Archaeologists at NTNU have discovered the remains of a Viking house from the early Middle Ages. It is a “very rare find,” says project manager Merete Moe Henriksen.
The main European highway along the length of Norway, the E6, will be expanded south of Trondheim. Before the highway project starts, archaeologists are excavating an area at the Foss Lian farm in Melhus municipality. They recently found clear traces of an old log structure here. Coal from the lower part of the building, the sill beam, has now been dated to the Viking Age or early Middle Ages (from the period 1025-1165 AD).
“House remains from this period are extremely rare, especially in rural areas,” says Merete Moe Henriksen, project manager and archaeologist at NTNU University Museum.
During the Iron Age, agricultural settlements moved around the countryside, but starting from about 600 CE onward – in the period before the Viking Age – people often lived in the same area for a long time.
“As a result, Viking settlements are often located on modern-day farmsteads, and archaeologists rarely excavate these areas,” says Henriksen.
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Threshold from Bronze Age
The building site at Foss Lian is about 6 metres by 6.5 metres. The archaeologists don’t yet know what function the building had.
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Archaeologists also found a large flat stone at the entrance of the site that was used as a threshold. It contained cup marks, suggesting that it was reused from earlier times, probably the Bronze Age. Cup marks are a type of rock art, and are the most common type of rock carving in Scandinavia.
Several other objects were unearthed among and near the remains, including an iron arrowhead from the Viking Age or Early Middle Ages and several whetstones. A bucket from the late Germanic Iron Age was also discovered in the area just north of the site.
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Active region in earlier times
An archaeological survey in 2015 showed that the Foss Lian farm is situated on an occupation earth layer with a large number of heating stones. These rocks were exposed to high heat and used for cooking or heating water. That excavation also uncovered cultivated layers, postholes, cooking pits and a possible burial mound.
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Archaeologists studied parts of a layer of heating stones in the woodshed on the farm in 2017. They also found objects such as baking stones, parts of cooking pots and whetstones. They were able to conclude that the site had been in more or less continuous use from the Viking era until today.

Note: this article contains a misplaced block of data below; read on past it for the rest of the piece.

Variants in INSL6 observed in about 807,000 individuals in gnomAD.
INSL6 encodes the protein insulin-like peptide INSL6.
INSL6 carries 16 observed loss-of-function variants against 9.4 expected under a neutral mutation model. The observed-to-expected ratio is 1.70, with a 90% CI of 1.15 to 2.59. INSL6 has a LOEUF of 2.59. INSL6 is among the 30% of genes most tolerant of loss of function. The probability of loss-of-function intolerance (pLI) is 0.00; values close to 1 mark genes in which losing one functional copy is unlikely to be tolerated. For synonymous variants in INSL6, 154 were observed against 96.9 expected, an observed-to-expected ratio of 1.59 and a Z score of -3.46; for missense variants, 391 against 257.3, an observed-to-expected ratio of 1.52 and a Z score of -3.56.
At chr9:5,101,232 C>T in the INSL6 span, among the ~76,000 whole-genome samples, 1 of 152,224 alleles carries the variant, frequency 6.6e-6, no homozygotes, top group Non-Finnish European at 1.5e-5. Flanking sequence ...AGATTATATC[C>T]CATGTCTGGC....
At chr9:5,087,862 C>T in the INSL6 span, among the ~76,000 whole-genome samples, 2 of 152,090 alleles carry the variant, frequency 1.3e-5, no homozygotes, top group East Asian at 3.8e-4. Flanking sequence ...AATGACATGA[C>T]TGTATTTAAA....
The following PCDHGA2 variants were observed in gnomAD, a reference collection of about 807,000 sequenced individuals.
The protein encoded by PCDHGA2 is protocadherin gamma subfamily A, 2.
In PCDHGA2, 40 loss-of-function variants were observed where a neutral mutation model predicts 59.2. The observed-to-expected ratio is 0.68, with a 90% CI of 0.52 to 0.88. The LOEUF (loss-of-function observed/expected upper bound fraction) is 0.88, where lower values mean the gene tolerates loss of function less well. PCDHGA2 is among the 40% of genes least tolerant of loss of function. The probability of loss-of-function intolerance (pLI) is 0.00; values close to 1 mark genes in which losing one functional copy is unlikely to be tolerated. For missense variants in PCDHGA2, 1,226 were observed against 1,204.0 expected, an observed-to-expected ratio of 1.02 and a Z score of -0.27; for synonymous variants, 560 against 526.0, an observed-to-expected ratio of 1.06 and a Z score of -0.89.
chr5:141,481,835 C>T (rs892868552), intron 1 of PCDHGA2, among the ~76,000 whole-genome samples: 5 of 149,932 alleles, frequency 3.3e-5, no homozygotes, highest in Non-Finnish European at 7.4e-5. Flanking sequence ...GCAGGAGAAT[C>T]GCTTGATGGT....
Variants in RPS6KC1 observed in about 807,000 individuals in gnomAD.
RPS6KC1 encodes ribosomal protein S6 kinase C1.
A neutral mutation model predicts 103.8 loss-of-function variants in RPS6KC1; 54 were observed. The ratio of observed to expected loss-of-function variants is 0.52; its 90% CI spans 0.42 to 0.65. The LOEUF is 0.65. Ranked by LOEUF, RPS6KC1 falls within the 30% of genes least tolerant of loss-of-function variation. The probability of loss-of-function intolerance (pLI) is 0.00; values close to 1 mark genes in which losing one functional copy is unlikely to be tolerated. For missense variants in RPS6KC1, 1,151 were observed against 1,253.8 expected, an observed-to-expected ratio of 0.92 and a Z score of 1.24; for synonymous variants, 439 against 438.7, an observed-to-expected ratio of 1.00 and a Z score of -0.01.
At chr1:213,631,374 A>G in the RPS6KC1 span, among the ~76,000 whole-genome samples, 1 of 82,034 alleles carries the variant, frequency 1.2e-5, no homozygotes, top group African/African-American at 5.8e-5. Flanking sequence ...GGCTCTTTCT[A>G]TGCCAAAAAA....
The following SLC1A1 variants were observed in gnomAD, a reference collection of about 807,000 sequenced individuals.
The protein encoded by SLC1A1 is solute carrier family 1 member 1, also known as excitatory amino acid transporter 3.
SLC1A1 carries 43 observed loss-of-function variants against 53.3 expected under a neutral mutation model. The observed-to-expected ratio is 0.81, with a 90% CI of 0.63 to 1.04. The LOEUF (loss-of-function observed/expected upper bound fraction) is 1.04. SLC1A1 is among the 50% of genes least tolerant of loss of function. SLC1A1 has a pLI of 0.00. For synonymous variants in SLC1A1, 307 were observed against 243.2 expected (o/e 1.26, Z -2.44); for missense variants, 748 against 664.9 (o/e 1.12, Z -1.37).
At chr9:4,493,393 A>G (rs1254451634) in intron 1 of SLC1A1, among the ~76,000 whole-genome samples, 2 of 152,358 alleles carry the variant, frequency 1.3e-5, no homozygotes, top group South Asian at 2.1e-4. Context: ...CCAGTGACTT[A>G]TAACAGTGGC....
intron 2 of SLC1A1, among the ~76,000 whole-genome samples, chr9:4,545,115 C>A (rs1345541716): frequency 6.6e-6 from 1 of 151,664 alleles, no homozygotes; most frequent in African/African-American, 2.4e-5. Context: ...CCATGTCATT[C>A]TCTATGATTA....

This year, larger parts of the heating stone layer have been excavated.
As archaeologists dig down further, Henriksen expects that even older settlements may emerge.
“This region figured prominently in earlier times, and has attracted a lot activity through the years,” says Henriksen.
High density of cultural relics
The area in Melhus has a high density of cultural relics from prehistoric and recent times. Among the older cultural remains are numerous rock carvings (including cup marks and Bronze Age horse and boat figures), gravesites, iron smelting facilities, trapping pits, charcoal piles (where charcoal was produced) and a medieval churchyard.
Remains of the nearby medieval church border the current archaeological site at Foss Lian farm. The church finds include a Christ figure dating to the second half of the 1100s. The church is thus assumed to have been built before that time. It stood until 1670, when two parishes merged and a new church was built in the nearby village of Hovin.
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Traces from Neolithic period
A chieftain’s grave lies 800 metres east of the excavations on Foss Lian farm. It was studied by archaeologists in 1934 and originates from the later Roman Iron Age (200-400 AD). The grave contained rings of gold and silver and a very well preserved double-edged sword.
On another site close by, NTNU archaeologists found sensational traces from the Bronze Age in an excavation last year.
It turned out that the area had been used as a burial field in the Bronze Age. Five graves and a kiln for casting bronze objects were found along with cooking pits and building foundations. The area was farmed in the Bronze Age. Several of the findings from this site are rare both in the central-Norwegian and Norwegian context.
The excavations being made to expand the E6 are funded by Nye Veier AS (New Roads).
Read more about this in Norwegian on the Norwegian archaeology site norark.no.